Black pilot recalls living up to a tall challenge
April 13, 2000
By Rod Hafemeister
Belleville News-Democrat

Lewis Lynch celebrated his 20th birthday — Oct. 4, 1942 — by applying to train as one of the first black pilots in the old Army Air Corps.

He was rejected, receiving a form letter that said he was “too tall” to be a fighter pilot because he exceeded the 5-foot-10-inch limit.

“I knew two friends who had been accepted who were taller than me,” he recalled Wednesday. “I wrote the officer and told him I thought they were using some kind of quota system.”

A friendly recruiter went to bat for him and got verbal permission to sign him up.

But soon after the Columbus, Ohio, native arrived in Tuskegee, Ala., for training, he was pulled from the class on the grounds he was “erroneously entered.”

Again, the excuse was height — despite the fact several classmates were taller, including Daniel “Chappie” James, who later became the first black four-star general in the Air Force.

But after Lynch’s mother wrote First Lady Eleanor Roosevelt, he was put back in pilot training, graduated and went to war, flying 42 combat missions in Europe as one of the legendary Tuskegee Airmen.

Lynch spoke about the Tuskegee Airmen at Southwestern Illinois College on Wednesday as part of the college’s Community College Month activities.

Before showing a short documentary film of interviews of himself and other Tuskegee Airmen, Lynch explained how until the start of World War II, black men were relegated to menial jobs in the military.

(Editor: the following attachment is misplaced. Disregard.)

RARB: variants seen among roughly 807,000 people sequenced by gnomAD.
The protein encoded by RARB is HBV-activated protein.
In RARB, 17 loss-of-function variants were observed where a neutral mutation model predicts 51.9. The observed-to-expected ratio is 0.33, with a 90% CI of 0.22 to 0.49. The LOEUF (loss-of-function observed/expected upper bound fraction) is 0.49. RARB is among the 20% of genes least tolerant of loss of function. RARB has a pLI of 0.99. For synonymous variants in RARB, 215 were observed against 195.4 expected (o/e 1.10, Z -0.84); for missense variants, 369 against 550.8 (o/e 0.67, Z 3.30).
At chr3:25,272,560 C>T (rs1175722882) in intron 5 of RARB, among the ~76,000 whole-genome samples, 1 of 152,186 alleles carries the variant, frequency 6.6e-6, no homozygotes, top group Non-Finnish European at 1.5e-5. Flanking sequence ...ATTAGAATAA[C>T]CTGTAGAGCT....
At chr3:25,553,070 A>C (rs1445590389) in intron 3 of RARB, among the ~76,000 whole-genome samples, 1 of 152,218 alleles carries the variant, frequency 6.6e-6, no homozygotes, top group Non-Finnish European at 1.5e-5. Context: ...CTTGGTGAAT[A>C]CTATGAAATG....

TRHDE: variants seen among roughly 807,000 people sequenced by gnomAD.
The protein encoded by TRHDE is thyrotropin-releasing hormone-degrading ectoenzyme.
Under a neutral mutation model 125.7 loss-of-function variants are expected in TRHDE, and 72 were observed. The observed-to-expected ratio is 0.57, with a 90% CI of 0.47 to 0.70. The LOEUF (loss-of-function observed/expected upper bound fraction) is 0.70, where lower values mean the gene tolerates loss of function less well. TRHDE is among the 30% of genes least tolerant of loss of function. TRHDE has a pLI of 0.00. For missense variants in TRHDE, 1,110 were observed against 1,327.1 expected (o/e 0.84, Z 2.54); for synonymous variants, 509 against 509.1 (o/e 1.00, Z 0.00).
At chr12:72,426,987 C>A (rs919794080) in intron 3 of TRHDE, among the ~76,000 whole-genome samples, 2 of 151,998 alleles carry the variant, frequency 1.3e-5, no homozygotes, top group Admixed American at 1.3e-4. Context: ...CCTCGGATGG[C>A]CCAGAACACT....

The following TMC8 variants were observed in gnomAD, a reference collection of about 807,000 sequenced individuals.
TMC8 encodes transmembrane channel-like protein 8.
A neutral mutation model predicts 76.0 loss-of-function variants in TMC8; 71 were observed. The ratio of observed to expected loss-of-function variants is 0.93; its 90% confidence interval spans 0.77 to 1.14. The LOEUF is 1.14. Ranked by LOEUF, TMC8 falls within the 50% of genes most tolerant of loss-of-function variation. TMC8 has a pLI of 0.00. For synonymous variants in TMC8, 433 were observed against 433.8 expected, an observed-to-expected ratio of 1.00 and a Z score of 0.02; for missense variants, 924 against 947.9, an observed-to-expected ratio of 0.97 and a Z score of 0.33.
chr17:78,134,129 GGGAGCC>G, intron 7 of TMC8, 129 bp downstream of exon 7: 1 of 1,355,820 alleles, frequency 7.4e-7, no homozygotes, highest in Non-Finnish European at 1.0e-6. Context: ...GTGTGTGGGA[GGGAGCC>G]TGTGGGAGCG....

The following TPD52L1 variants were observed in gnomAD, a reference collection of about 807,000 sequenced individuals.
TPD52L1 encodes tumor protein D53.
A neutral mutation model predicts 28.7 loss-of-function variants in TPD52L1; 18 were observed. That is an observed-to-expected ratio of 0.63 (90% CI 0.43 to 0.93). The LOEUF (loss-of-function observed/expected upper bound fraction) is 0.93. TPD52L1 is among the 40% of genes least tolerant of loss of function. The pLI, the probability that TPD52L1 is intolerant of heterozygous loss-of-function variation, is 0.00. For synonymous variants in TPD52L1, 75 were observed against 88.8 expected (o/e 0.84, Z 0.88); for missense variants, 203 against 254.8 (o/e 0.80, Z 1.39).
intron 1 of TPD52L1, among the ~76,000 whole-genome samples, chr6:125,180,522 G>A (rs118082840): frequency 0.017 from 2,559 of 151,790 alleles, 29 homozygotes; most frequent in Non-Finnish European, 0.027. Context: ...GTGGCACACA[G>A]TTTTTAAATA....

“A 1925 Army War College study about soldiers in World War I stated that ‘Black men were physically unqualified for combat duty,’” he said. “We were denied the opportunity to enter pilot training or technical fields until 1941 when, under pressure from the NAACP, they started training at Tuskegee.”

The 99th Fighter Squadron and 322nd Fighter Group became famous for their distinctive red-tailed P-51 Mustang fighters and, when pulling escort duty, never lost an Allied bomber to enemy fighters.

The success of the Tuskegee Airmen led to President Harry Truman’s order in 1948 to desegregate the military.

Not that it was a smooth or quick transition — Lynch, who stayed in the Air Force after the war, said that when he first came to Scott Air Force Base in 1959, he had to house his wife and four children in substandard base housing.

“I couldn’t rent a house in Belleville, I couldn’t rent a house in Mascoutah,” he said. “I was told to go to East St. Louis or St. Louis.”

Lynch retired from the Air Force in 1964, then spent another 21 years as a civilian contract officer for the service. Today, he lives in University City, Mo.

In the early 1970s, veteran Tuskegee Airmen started contacting each other and planned a reunion that led to the formation of Tuskegee Airmen Inc.

Today, Tuskegee Airmen Inc. has a two-fold mission: to keep alive the history and legacy of the first black airmen and to encourage young black men and women to consider careers in aviation and aerospace.

 Originally Published, April 13, 2000 Belleville News Democrat, Belleville, Illinois
(c) 2000, Belleville News-Democrat, Belleville, Ill.


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